Beninger and Luvera said they have not decided how many additional depositions to conduct. They have a list of 10 to 20 people who would have been deposed had the lawsuit continued. That number could shrink, and the deposition of Corpuz is likely to influence the decision. Corpuz was fired in the aftermath of the shootings and is now the city manager of Seaside, Calif.
“It’s Mr. Corpuz who may have information he hasn’t shared with anybody,” Luvera said. “Part of it will be the family’s issue. They are the ones to decide who has the possible answers.”
When reached late Tuesday, James Frush, Corpuz’s attorney, said he hadn’t had a chance to speak to his client about the settlement. But he offered his own view.
“I feel that the person who was responsible was David Brame, and that under the laws of negligence he alone was the one who would ultimately be found legally responsible,” Frush said. “It appears as though Mr. Corpuz’s deposition will go forward even though the parties and plaintiffs have reached a settlement. Mr. Corpuz has nothing to hide and looks forward to presenting his recollections and perspectives on what’s ultimately a tragic situation for a great number of people, including the Judsons and most particularly the children.”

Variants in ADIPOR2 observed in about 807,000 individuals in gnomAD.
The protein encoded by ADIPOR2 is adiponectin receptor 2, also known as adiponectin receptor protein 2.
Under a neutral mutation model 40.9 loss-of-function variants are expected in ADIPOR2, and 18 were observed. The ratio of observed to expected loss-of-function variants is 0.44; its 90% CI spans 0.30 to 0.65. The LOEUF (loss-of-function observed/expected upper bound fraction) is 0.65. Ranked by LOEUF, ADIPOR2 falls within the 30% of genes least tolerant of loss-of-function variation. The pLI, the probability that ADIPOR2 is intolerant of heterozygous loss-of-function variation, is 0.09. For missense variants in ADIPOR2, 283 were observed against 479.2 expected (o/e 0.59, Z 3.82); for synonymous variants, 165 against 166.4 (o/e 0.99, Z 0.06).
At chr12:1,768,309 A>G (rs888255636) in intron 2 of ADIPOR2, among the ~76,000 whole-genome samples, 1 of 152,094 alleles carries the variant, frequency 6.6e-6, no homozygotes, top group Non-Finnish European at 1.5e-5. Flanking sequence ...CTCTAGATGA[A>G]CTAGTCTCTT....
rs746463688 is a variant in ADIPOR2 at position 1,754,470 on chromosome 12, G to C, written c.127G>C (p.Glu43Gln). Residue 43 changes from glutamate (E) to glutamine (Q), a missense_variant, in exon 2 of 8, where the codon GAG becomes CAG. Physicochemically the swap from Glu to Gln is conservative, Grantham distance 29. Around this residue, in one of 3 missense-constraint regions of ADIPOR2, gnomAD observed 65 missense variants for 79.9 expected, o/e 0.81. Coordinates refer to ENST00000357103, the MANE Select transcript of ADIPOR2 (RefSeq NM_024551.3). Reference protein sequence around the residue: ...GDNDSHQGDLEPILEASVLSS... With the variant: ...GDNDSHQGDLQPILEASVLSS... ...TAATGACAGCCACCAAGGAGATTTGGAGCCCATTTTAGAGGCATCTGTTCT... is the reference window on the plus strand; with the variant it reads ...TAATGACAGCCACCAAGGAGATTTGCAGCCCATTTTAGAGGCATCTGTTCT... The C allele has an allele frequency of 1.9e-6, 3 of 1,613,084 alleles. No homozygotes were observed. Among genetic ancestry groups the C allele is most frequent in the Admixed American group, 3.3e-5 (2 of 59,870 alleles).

Former Assistant Police Chief Woodard, the other named defendant in the suit, was not available for comment. One of her attorneys, Rob Leinbach, issued a short statement in response to the settlement.
“Catherine Woodard welcomes a settlement with Crystal Judson’s estate that allows all parties to continue to seek access to the truth,” the statement read in part.
The Judsons were not available for comment Tuesday. Luvera said they were following the settlement negotiations closely.
“I think there is a mixed feeling,” Luvera said. “They’ve accomplished something that they think is important for the community and for domestic violence victims.
“But I think there is also a feeling of emptiness that is also understandable, and I think it will never be taken away from them.”
The City of Tacoma has agreed to settle the long-running lawsuit by the family of Crystal Judson Brame, who was killed by her husband, Police Chief David Brame, in 2003. Among settlement terms:
• Pay $12 million to Judson family (insurance will cover $11 million).
• Name the planned city-county domestic violence center for Crystal Judson; proclaim April 26 Domestic Violence Awareness Day.
• Present letter from mayor and city manager expressing regret for Crystal’s death and committing to prevention of such tragedies.
• Continue lawsuit short-term to allow depositions aimed at uncovering more information.
• Make “all reasonable efforts” to improve specified city policies.
BRAME LAWSUIT TIMELINE
Dec. 28, 2001: City Manager Ray Corpuz selects 20-year veteran David Brame as Tacoma’s 46th police chief.
Feb. 24, 2003: Crystal Brame files for divorce.
April 26, 2003: Brame shoots Crystal, then kills himself in Gig Harbor parking lot.
May 3, 2003: Crystal Brame dies of wounds.
June 9, 2003: Crystal’s family files $75 million claim against city, alleging it caused her death.
Aug. 5, 2003: City Council denies claim.
Sept. 4, 2003: Family files amended claim, asking for about $8 million and city’s cooperation in finding the truth and ensuring accountability. Parties unable to reach settlement.
Oct. 8, 2003: Family files wrongful death lawsuit.
Sept. 13, 2005: City Council agrees to tentative settlement with plaintiffs.
Sean Robinson: 253-597-8486
Jason Hagey: 253-597-8542